When a worker bee finds a source of nectar she informs other bees about it when she returns to the nest They visit the nectar source and in turn inform others when they return to the nest In this way forager bees are recruited to make efficient use of available nectar supplies. It was Karl von Frisch and his colleagues who, over many years, worked out how the information is communicated by means of the waggle dance.
The tremble-dancing bees produced vibrations at frequencies of 45- 350 Hz, lasting for 142 milliseconds, which made the comb vibrate.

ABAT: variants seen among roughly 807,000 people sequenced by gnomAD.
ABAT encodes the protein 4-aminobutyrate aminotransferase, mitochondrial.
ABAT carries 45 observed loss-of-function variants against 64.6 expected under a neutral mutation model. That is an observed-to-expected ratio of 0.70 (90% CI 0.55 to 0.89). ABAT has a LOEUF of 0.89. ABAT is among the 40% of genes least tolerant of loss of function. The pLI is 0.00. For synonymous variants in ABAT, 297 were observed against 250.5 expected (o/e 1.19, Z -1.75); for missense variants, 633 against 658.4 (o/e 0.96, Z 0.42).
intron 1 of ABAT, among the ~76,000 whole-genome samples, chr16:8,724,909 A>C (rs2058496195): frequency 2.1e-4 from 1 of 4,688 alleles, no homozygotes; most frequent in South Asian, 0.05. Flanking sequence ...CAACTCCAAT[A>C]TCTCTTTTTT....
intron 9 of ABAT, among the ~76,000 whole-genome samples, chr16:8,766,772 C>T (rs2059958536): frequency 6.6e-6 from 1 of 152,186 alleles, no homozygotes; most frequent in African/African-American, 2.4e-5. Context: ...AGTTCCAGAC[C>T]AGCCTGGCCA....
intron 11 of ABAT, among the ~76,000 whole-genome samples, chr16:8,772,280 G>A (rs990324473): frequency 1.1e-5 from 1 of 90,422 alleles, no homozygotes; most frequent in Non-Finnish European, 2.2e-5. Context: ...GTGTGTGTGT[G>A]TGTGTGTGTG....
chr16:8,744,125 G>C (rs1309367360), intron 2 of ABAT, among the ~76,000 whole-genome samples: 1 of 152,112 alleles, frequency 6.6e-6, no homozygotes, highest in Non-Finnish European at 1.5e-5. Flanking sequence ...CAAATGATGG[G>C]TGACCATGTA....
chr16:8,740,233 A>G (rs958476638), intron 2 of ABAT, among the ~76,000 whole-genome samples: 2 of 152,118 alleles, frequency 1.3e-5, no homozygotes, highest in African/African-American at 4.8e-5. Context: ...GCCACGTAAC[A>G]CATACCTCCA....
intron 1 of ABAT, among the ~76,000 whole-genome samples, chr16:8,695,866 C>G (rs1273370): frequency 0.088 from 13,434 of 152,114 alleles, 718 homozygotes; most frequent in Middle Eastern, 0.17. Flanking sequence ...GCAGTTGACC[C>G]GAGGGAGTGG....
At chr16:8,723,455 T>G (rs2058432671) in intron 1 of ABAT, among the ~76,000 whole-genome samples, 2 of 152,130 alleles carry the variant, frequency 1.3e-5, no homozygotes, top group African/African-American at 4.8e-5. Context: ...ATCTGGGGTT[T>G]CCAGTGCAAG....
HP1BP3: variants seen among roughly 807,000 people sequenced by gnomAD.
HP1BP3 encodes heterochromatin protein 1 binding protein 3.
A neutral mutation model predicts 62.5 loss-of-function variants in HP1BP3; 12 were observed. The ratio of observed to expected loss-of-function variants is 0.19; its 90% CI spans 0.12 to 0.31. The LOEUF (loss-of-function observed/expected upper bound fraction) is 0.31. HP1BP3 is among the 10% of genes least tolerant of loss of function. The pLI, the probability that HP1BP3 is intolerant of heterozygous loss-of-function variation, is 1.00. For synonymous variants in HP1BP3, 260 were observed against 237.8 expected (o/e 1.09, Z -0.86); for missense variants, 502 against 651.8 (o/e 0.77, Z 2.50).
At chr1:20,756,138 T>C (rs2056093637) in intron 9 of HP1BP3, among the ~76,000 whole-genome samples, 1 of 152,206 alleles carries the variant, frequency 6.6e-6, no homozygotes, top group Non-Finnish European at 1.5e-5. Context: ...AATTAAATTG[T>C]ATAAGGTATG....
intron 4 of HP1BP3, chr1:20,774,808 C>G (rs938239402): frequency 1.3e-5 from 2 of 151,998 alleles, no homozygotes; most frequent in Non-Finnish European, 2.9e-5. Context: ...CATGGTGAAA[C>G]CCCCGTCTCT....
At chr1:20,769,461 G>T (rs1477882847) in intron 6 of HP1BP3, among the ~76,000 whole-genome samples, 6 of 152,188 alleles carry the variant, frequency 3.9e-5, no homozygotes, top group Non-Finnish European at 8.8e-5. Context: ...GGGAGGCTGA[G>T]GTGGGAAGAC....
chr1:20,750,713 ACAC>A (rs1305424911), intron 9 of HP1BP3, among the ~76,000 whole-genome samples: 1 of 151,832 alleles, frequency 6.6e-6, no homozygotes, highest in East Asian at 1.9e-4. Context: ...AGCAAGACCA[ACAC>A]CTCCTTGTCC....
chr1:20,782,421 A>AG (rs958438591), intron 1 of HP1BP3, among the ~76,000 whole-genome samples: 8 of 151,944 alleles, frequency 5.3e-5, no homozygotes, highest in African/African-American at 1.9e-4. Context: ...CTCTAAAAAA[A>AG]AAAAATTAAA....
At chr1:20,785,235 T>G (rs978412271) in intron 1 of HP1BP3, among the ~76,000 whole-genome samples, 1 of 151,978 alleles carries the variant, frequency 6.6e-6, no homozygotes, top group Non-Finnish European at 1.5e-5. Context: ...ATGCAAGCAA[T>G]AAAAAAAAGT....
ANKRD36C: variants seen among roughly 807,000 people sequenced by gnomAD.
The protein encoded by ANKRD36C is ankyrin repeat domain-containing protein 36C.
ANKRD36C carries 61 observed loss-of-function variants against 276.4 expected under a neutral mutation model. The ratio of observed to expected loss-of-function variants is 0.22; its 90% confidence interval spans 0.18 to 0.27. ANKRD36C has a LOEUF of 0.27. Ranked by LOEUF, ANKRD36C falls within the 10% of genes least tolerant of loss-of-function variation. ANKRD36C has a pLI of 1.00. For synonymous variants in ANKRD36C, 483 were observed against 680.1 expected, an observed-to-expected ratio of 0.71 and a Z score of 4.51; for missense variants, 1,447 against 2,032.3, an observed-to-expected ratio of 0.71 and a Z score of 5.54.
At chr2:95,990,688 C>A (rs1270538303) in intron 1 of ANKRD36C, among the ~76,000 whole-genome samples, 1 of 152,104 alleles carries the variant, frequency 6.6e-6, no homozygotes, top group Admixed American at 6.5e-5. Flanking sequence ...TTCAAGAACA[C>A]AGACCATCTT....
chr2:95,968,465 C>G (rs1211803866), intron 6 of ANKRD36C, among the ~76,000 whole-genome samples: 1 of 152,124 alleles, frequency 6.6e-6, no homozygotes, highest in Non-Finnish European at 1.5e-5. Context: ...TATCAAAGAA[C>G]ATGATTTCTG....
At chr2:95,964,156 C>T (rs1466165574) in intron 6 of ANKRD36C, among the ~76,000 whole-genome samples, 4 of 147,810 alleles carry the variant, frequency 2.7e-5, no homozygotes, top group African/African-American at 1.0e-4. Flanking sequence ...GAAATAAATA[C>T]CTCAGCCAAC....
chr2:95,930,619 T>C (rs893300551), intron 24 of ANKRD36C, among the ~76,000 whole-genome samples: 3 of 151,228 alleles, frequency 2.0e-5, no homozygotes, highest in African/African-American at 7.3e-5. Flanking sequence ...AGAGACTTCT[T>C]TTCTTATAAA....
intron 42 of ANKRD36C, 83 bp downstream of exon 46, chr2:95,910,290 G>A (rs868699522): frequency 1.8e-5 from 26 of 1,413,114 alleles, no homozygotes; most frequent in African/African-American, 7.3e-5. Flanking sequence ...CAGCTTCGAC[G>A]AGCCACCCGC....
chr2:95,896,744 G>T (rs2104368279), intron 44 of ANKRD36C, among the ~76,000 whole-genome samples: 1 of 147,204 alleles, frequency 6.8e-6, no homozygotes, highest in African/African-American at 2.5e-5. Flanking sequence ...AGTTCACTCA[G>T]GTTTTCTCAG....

Kirchner showed that worker bees subjected to these vibrations performed significantly shorter lasting waggle dances, and consequently the number of bees leaving for the feeder decreased.
In this way the colony is able to ensure that it functions most efficiently: there is no point in foragers working to bring nectar which cannot be stored. This research relates to the western hive bee, Apis mellifera.
Behavioral Ecology and Sociobiology, 1993, vol 33, page 169
[Bees for Development Journal #31]